Archive for Healthy Eating


Chickens & Spring

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This year we wintered over our back-yard chicken. Now I grew up on a chicken farm during the 50’s so I know a lot about chickens, however we never wintered them over. It was not economical; we purchased a new flock of baby chicks every year.

This time I watched our hen settle down into winter by first ceasing to lay eggs, then she started molting. This means she loses a lot of her feathers all at the same time. I was shocked by how many feathers she had piling up under her roost, and scattered around in her pen! Apparently it bothered me enough that I had a dream about her running out of the chicken house half naked! Well it never went that far, thankfully!

Henrietta was decidedly less lovely to look at in winter. Not only was she straggly looking with scant feathers, the pin feathers that grew in were white ‘pins’ sticking out all over her head and neck between the feathers that remained. She acted subdued and droopy during the dark days of winter – but then so do I!

Finally, as the days started to get longer, and we no longer saw anymore pin feathers sticking out white against her reddish brown feathers, she perked up! Henny started rearranging the straw in her nest and digging up places in her pen for a dust bath. Then one morning she did not race out of her house when the door was opened. She was sitting quietly on her nest in the back of the chicken house. We left her alone.

Later that morning, when she was back out in the yard, we opened up the nest box and found not one egg but three eggs! YAY! This means Spring is on the way for sure! If we had a rooster (not allowed in Denver County) she would have chicks by Easter! What a lovely surprise for a morning we had run out of eggs anyway. Since then Henny is back to laying an egg a day, and struts around her yard looking glossy, happy, and proud! Yay Henrietta! You ARE a Spring Tonic for me!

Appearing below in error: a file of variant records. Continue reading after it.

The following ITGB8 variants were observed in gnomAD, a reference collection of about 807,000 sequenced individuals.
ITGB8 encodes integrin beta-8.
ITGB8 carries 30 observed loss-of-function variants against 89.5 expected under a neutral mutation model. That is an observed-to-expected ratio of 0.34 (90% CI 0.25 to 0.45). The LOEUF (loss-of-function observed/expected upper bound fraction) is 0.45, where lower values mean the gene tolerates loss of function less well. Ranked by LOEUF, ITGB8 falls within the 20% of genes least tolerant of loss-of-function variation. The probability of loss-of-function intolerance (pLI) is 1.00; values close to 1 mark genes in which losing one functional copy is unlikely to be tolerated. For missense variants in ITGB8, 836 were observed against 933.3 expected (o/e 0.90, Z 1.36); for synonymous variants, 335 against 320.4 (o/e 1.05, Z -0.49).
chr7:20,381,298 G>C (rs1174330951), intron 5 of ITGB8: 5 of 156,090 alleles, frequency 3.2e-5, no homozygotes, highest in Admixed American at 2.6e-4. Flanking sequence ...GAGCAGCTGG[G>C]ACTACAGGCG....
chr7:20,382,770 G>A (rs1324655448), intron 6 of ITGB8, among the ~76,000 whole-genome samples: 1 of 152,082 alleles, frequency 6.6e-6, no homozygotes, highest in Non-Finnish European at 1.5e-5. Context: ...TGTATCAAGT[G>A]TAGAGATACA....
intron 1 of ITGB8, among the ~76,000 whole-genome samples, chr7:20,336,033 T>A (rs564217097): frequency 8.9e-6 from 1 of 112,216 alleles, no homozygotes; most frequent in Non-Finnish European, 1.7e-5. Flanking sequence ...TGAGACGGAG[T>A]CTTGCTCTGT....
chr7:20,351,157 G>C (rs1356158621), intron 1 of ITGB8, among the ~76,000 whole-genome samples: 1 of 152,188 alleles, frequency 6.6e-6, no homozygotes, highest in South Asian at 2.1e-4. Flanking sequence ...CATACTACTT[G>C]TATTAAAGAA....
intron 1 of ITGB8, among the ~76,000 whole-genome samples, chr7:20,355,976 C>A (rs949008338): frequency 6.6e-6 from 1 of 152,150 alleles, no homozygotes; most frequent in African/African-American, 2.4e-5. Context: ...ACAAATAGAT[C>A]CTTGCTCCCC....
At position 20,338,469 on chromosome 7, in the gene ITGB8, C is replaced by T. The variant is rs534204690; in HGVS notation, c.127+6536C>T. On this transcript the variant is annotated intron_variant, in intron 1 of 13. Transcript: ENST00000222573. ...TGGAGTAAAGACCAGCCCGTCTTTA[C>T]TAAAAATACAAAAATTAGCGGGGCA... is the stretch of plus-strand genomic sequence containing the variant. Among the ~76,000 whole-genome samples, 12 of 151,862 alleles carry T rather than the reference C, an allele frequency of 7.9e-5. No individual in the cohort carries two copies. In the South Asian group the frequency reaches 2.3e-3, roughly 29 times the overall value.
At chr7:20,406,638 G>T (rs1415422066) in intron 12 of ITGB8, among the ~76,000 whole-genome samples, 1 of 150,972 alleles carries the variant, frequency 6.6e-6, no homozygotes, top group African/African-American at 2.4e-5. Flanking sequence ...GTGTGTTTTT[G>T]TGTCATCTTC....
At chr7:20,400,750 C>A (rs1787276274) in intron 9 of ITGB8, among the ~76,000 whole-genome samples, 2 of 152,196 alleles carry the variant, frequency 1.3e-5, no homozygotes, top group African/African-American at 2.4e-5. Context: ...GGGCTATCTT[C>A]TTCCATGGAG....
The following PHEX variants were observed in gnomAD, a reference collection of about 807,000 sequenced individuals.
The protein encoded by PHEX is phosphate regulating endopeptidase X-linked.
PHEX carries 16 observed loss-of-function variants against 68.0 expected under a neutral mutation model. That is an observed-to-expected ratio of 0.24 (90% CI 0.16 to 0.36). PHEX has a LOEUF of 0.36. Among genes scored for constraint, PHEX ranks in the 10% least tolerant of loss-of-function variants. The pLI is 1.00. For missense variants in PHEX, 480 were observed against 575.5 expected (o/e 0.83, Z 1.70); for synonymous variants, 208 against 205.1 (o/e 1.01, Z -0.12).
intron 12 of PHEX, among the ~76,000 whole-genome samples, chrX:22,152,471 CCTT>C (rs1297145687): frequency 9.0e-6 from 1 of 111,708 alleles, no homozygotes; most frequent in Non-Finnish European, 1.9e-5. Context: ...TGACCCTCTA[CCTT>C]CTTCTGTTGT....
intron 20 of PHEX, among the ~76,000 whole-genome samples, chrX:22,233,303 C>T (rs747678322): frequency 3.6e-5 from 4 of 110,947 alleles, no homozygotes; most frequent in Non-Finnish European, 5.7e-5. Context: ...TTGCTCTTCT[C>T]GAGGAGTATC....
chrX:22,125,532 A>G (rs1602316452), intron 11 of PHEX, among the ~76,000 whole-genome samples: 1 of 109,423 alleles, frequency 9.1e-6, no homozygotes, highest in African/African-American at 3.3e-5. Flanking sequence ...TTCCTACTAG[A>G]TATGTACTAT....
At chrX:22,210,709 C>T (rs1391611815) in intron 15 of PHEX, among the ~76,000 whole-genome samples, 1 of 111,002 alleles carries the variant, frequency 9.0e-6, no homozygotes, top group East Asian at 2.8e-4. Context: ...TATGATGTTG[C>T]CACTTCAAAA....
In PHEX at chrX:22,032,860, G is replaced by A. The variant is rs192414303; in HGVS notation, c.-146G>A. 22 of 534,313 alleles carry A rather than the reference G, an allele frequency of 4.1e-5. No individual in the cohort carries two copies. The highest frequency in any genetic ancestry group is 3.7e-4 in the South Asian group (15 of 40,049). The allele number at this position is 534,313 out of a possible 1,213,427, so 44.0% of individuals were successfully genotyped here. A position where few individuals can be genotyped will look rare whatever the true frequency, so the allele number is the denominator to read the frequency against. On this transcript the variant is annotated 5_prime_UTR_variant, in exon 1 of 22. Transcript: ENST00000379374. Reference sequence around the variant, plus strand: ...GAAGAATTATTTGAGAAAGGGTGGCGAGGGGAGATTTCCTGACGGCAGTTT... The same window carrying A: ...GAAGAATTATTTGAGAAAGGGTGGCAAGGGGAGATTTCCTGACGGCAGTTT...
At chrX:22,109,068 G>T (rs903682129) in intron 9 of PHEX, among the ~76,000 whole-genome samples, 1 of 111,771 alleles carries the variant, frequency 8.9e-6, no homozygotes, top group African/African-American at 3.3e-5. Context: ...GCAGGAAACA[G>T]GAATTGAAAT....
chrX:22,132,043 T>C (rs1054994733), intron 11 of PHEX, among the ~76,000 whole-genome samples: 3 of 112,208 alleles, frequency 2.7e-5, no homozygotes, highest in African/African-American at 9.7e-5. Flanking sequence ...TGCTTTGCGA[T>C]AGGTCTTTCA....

Healing Bone Broth

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When we are sick, we need a good healing broth that feeds us without making us digest much to get it into our body. It is a good idea to make one or more of these in advance and have them in the freezer ready to go. I recommend letting them defrost in a bowl of hot water or on the counter and heating them up in a pot rather than using a microwave. I don’t use microwaves due to the chance that they might change or reduce the healing qualities of the broth.

I use the old bones I have saved in the freezer from roasts, turkey and chicken carcasses, and other good bones. I try to get organic or at least humanely raised meats to use. For this purpose, maybe you can at least get good bones from the healthiest sources you can find. Using the best veggies and ingredients obviously will be the best for you when you and/or your family is sick, however some broth is better than none! You are looking for rich, condensed, unprocessed nutrition to feed you at a cellular level.

Put your bones and even some veggies in a roasting pan in the oven at a low temperatyre (250 degrees) for a few hours or until they are nicely browned and NOT scorched or BURNED! Add water or broth at the end to loosen up the lovely browned bits on the bottom of the roasting pan. Get out your biggest soup pot/stock pot and transfer everything from the roasting pan to the pot, cleaning out all the wonderful stuck bits with the liquid. Crack or break as many bones as you can since you want the marrow in the broth. Place on the stove burner.